Seller Financing Pitfall


We can all learn a lesson from the sad case of the Seller Butts and the Buyer Browns, two couples in Crenshaw County, Alabama. They landed in court, and then on appeal. After that, the Butts went home very unhappy. You don’t want that to happen to you.

The Butts bought some land and financed it. Then they bought a mobile home and also financed it. They made payments for a couple of years and decided to sell the land and mobile home for $85,000. They arrived at the number by adding up the payoffs on the two mortgages and adding some extra as compensation for improvements they’d made.

The Browns agreed to buy the land and mobile home for $85,000, but were turned down for 3rd party financing. The Butts said they would hold the financing. The Butts hired an attorney to draw up documents.

lease purchase agreementThe documents consisted of a 30-year lease with a purchase option.  Rent was $728/month. The Butts said the number was calculated by taking the total of the two mortgage payments, plus a little extra for taxes and insurance.  The Browns could buy the property at any time during the lease term for $85,000. All lease payments would be applied as a credit against the purchase price.

Almost ten years later, the Browns elected to buy the property. After subtracting all their lease payments, a balance of $9,288 remained on the $85,000 purchase price. They paid that amount to the Butts, and asked for a deed and title insurance.

That’s when the Butts realized they’d made a terrible mistake in the lease purchase agreement.  At that time, $51,757 remained unpaid on the original two mortgages!

Neither the Butts, nor their attorney, thought about the fact that a large portion of each mortgage payment was interest.  Although the Browns might make a $728 lease/purchase payment in a particular month, maybe only $15 of that reduced the mortgage loan balance. As a result, only $15 should have reduced the option purchase price.

The attorney testified he thought this was a short term arrangement, so he didn’t think about the interest component. But, it WAS a 30-year lease!  In reality, if the Browns paid all their lease payments on time, they would have paid the final $728 after only nine years and nine months.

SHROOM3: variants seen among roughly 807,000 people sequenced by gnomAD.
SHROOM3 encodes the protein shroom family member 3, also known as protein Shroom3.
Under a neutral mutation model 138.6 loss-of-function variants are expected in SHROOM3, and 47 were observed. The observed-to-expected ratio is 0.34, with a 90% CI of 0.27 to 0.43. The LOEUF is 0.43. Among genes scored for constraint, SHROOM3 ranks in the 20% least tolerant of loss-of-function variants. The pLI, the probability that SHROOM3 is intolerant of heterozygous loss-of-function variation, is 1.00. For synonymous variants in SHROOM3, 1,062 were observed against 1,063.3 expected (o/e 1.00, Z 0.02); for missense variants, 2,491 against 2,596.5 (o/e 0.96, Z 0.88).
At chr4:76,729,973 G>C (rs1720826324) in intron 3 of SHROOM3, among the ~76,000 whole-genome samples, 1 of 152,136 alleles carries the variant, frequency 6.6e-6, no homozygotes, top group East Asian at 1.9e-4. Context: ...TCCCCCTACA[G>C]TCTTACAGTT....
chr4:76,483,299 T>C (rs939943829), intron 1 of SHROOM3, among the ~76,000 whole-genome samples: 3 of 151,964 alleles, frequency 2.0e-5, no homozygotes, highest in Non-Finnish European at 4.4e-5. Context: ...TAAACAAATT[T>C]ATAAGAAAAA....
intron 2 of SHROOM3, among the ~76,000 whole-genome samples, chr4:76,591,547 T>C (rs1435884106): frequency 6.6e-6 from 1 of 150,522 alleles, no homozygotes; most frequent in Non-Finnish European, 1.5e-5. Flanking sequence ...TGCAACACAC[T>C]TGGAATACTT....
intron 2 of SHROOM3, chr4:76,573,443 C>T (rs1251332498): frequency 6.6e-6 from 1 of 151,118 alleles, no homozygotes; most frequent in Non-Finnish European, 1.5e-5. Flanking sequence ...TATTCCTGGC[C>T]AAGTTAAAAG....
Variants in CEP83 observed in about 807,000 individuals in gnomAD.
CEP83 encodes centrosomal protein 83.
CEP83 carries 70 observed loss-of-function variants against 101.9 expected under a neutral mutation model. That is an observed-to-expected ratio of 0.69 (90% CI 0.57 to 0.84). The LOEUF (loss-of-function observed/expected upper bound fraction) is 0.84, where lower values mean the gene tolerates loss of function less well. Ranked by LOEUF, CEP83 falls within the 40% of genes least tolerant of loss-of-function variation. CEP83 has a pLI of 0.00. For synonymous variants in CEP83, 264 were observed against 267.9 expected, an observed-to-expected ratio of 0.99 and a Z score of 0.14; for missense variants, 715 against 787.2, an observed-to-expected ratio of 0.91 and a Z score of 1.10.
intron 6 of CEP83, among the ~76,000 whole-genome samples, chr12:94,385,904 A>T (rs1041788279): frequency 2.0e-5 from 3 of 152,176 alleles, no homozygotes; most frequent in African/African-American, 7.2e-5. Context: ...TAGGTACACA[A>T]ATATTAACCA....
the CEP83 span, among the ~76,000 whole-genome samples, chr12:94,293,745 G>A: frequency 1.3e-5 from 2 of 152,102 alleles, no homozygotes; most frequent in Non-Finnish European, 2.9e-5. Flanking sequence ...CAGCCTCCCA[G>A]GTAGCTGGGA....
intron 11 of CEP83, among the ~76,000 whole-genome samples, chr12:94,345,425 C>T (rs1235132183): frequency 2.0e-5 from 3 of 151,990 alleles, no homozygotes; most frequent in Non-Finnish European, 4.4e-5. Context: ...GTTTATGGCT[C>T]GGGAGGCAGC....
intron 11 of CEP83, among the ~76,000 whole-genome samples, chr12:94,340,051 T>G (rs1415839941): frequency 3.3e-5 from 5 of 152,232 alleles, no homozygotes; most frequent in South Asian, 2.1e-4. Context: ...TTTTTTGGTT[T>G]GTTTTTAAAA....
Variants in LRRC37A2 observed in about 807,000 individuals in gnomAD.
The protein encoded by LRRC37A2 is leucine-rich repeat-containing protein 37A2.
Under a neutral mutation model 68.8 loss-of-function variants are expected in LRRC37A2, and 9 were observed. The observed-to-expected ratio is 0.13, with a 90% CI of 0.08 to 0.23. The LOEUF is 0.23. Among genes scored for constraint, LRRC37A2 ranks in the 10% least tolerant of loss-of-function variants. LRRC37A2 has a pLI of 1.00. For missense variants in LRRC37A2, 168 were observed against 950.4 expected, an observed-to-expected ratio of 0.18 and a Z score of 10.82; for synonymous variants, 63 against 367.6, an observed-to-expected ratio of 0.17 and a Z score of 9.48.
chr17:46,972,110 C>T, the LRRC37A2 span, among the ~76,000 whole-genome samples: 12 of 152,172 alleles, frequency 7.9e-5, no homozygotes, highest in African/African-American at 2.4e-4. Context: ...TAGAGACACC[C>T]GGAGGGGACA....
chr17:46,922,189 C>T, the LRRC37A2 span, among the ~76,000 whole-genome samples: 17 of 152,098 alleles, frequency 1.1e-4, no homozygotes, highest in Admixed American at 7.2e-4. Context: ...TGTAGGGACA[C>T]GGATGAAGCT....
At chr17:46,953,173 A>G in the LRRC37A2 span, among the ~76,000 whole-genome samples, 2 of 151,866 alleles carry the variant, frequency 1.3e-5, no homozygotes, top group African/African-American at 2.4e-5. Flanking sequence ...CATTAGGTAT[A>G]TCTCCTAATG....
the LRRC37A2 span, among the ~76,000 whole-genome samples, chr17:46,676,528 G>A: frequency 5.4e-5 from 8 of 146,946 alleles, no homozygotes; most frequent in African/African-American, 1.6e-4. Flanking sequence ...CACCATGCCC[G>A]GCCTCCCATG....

The Butts, faced with receiving only $9,288 and having to pay off a $51,757 mortgage in order to deliver good title, promptly asked the courts to “reform” the agreement for them. Reformation is a legal term for a court ordered do-over. “We know we signed this document,” they said, in essence, “But it’s not what the parties intended. Your Honor, please re-write the document to what we all intended, and that’s the way things will be.”

The trial judge was sympathetic to the Seller Butts. Using various perfectly good legal theories, he found in favor of the them. The Buyer Browns would have to pay more money if they wanted to get clear title.

The Alabama Court of Civil Appeals was not as sympathetic. They found that the trial court’s legal theories did not apply to the facts of this particular case, because of a variety of perfectly good technicalities.

Bottom line (unless  it is appealed further):  The Seller Butts made a very foolish mistake because they did not think about the interest component of the monthly mortgage payments. The Buyer Browns are entitled to pay only $9,288 and the Butts will have to deliver good legal title. In order to do so, they will have to come up with the money to pay off $51,757 in mortgages that encumbered the property.

Can the Butts recover from their attorney for malpractice? Maybe, maybe not.

  1. ALWAYS ask your attorney for proof of malpractice insurance before hiring. The ones with insurance will not be offended. The ones with no insurance will either be offended, or will give you an explanation regarding why they don’t have insurance.  At that point, make an informed decision about whether this is important to you or not.
  2. Attorneys were not put on this earth to save you from foolish business decisions.  If you ask an attorney to prepare a document like the one described above, it is not the attorney’s job to figure out if that is a good deal or not UNLESS YOU ASK THE ATTORNEY FOR THAT BUSINESS ADVICE!  Most people don’t ask. If you do ask, make sure your question is in writing, in case  you later need to prove you were relying on the attorney’s business advice. Remember, also, that malpractice insurance is for bad legal advice. Not bad business advice.

The decision is Butts v. Brown, February 12, 2016, Alabama Court of Civil Appeals.

Even if you are selling property that does not have a mortgage on it, this case is still relevant to you. Many people call to ask me about seller financing terms. Most of them suggest applying lease payments to the purchase price. The Butts/Brown case is an extreme example, but you should always think about the time value of money in such negotiations.